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Rashbam to Genesis 32 says that the purpose of Yaakov's crossing Yabok river was to avoid meeting Esav. (See his commentary to verses 21–26.) In verse 25, he explains, an angel fought with Yaakov to prevent that escape, so that Esav could hurt him. In verse 26, then, the angel was unable to win the fight, Yaakov sought to escape against the angel's will, and the angel injured Yaakov's leg [seemingly as a last-ditch effort to prevent the escape, though Rashbam doesn't say]. Then verse 27 reads:

He said, "Let me go [or: send me] for dawn has broken." He replied, "I won't let you go [or: send you] unless you've blessed me."

Most commentaries attribute the first of those speeches to the angel and the second to Yaakov. Rashbam writes:

for dawn has broken: and because the day has illuminated, now you should go on your way

unless you've blessed me: that you send me from you in peace, that I not be damaged by the fact that I fought with you, for now dawn has broken. Then Yaakov knew that he's an angel.

I don't understand this Rashbam. Specifically:

  1. What does "for now dawn has broken" have to do with the request for a blessing that the speaker (Yaakov?) not be damaged by having fought? Why does Rashbam write that phrase there?
  2. How did Yaakov learn just at that juncture that the angel was an angel, and how does the Rashbam know this?
  • 1
    very strange. see here annotation 17. – kouty Dec 14 '16 at 7:52
  • Rashi there explains that the angel was supposed to sing Shira to G-d at that moment based on the Midrash in Chulin 91b that says it was the first chance for that angel to sing Shira. I understood that to mean he was in a rush to do that. So Yaakov is saying, "now is your time to sing, if you want me to let you go, bless me." And I guess that's how Yaakov learned it at that time - the angel revealed to him or he understood the angel to be saying that it was his turn to sing shira. – Y K Dec 14 '16 at 8:13
  • @YK Rashbam (unsurprisingly) doesn't say anything about shira. – msh210 Dec 14 '16 at 10:25
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A possible answer.

Rashbam Bereshit 32, 27:

כי עלה השחר - ‏ וכיון שהאיר היום מעתה יש לילך לדרכך. ‏

The angel said that now he will to leave Yaakov continue on his way ("you can, if you want, to continue on your way") because the angel cannot continue to lock Yaakov after the dawn.

כי אם ברכתני - שתשלחני מאתך בשלום, שלא אהיה ניזוק (1) במה (באתר דעת כתוב כמה, ונראה שהוא טעות סופר) שנתאבקתי עמך, כי עתה עלה השחר אז ידע יעקב שהוא מלאך. ‏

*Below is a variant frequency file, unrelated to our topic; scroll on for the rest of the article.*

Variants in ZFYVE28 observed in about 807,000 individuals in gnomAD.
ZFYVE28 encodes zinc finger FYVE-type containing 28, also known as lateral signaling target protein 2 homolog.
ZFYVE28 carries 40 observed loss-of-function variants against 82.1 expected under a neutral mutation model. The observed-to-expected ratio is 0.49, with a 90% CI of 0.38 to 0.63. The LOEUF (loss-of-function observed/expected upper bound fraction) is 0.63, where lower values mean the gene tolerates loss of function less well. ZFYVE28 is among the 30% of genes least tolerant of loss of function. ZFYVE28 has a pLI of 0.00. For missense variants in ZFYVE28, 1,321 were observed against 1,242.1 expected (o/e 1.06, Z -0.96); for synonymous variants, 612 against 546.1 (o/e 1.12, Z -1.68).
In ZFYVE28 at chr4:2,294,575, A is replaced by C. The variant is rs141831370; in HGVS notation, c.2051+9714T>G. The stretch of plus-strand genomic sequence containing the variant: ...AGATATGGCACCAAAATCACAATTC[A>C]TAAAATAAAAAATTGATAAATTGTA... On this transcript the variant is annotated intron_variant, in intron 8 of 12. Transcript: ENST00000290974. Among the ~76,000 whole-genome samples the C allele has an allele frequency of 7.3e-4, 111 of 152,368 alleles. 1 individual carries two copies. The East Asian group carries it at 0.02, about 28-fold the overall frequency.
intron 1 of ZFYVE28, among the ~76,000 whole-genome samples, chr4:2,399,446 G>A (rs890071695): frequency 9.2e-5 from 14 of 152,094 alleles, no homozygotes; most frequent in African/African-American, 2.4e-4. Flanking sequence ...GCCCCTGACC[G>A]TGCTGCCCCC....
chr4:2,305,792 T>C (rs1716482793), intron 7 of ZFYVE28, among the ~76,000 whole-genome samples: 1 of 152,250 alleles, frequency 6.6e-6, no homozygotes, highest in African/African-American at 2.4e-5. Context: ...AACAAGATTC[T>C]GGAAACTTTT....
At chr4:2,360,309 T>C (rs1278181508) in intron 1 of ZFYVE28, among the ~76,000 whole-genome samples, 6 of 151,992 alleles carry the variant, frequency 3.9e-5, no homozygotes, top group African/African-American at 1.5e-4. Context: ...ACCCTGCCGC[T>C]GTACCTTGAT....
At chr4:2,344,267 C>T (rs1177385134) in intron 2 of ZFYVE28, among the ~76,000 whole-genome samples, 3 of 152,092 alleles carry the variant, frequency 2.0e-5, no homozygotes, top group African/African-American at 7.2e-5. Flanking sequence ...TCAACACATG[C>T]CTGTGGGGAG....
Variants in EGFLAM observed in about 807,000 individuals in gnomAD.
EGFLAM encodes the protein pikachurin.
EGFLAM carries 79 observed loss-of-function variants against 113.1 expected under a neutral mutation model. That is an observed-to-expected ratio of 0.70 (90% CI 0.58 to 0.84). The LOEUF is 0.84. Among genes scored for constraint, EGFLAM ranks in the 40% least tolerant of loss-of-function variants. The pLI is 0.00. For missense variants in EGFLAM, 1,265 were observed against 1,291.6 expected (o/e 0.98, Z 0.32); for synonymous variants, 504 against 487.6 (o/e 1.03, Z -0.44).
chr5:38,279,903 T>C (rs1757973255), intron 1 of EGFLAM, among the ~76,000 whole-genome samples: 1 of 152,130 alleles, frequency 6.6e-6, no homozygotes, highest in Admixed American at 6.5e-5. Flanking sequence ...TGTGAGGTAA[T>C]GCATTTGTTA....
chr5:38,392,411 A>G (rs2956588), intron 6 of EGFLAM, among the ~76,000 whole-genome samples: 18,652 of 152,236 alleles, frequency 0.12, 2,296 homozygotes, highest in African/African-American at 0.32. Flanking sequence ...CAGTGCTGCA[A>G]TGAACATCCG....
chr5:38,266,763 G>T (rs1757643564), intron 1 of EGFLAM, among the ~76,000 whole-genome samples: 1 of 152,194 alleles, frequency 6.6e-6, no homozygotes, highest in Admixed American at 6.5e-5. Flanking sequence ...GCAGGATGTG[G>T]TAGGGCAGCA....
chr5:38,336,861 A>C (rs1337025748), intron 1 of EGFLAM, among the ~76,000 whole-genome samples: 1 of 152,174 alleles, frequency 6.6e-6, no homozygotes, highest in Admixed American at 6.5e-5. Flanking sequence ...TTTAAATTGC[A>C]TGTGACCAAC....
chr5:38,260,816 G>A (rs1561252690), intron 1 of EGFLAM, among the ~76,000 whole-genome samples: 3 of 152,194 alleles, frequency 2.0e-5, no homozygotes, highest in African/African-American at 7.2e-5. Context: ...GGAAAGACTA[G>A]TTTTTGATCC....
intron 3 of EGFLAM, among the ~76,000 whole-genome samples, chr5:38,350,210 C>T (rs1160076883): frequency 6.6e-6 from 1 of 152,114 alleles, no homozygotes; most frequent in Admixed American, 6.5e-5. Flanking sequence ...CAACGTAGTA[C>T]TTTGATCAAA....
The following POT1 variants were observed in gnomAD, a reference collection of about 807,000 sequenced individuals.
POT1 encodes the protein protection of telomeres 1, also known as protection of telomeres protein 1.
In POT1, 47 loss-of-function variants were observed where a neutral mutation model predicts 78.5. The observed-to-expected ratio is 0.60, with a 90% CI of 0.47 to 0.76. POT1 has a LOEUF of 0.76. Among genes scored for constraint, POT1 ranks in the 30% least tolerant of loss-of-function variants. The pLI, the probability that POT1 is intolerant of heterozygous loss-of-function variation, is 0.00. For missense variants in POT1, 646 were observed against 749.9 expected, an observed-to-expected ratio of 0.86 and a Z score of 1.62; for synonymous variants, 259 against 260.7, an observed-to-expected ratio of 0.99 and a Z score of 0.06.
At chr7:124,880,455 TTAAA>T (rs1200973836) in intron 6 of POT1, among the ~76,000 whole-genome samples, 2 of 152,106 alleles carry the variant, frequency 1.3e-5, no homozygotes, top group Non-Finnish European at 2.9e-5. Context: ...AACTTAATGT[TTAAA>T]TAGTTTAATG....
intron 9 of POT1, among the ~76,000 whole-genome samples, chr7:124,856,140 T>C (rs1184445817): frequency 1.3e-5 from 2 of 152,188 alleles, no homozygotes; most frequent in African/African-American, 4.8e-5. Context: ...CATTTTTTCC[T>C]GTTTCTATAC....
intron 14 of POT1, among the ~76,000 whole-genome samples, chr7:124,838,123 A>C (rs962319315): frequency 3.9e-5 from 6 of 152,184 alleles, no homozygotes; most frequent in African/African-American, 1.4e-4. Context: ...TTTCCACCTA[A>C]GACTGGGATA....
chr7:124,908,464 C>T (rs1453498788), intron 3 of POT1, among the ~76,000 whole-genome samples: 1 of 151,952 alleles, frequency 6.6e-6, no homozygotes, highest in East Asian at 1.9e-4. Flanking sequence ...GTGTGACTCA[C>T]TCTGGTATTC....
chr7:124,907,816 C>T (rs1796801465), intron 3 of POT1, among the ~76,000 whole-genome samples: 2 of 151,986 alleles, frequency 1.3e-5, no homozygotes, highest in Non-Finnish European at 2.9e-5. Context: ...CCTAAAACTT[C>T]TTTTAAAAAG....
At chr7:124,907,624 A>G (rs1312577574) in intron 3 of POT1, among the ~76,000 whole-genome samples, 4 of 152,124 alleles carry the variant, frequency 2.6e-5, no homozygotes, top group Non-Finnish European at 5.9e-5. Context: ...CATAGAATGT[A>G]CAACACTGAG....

When Yaakov identified his aggessor at dawn, he realized this wrestler was not a man, but an angel. Therefore, Yaakov was afraid of the the possibility of angel's resentment. He required a guarantee that the angel does not bear a grudge. {we can reflect about the deeper meaning of the light of the day}. "תשלחני לשלום" is a paraphrase of "כי אם ברכתני". "you wish me Shalom, entirety".

"כי עלה השחר" (for dawn has broken) The intent of the angel to leave is linked with the end of the time alloted to him. Additionally, the dawn added visual acuity to Yaakov, who became able to discern that the man was actually an angel.

1.What does "for now dawn has broken" have to do with the request for a blessing that the speaker (Yaakov?) not be damaged by having fought? Why does Rashbam write that phrase there?

--> Yaakov discerned that he is a angel, and may bear a gruge. Rashbam explains that the dawn has a second consequence, the discernement of Yaakov was enhanced thanks to the sun light.

2.How did Yaakov learn just at that juncture that the angel was an angel, and how does the Rashbam know this?

--> Thanks to the power of the sunlight.


(1) See Chizkuni on the verse:

שלא תהיה נוטר איבה. ‏

That you will not bear grudge against me.

See the note 17 in this page, an other explanation.

  • Your explanation that it's for revenge is, I guess, based on "ניזוק כמה שנתאבקתי עמך". Note though that the version I saw had "ניזוק במה שנתאבקתי עמך" which would mean he simply sought a blessing that he not be injured. In any event, this answers my second question: thank you! – msh210 Dec 14 '16 at 10:24
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    @msh210 the future שלא אהיה ניזוק is perhaps a sign that the fear is of revenge. I take it in Chizkuny – kouty Dec 14 '16 at 10:53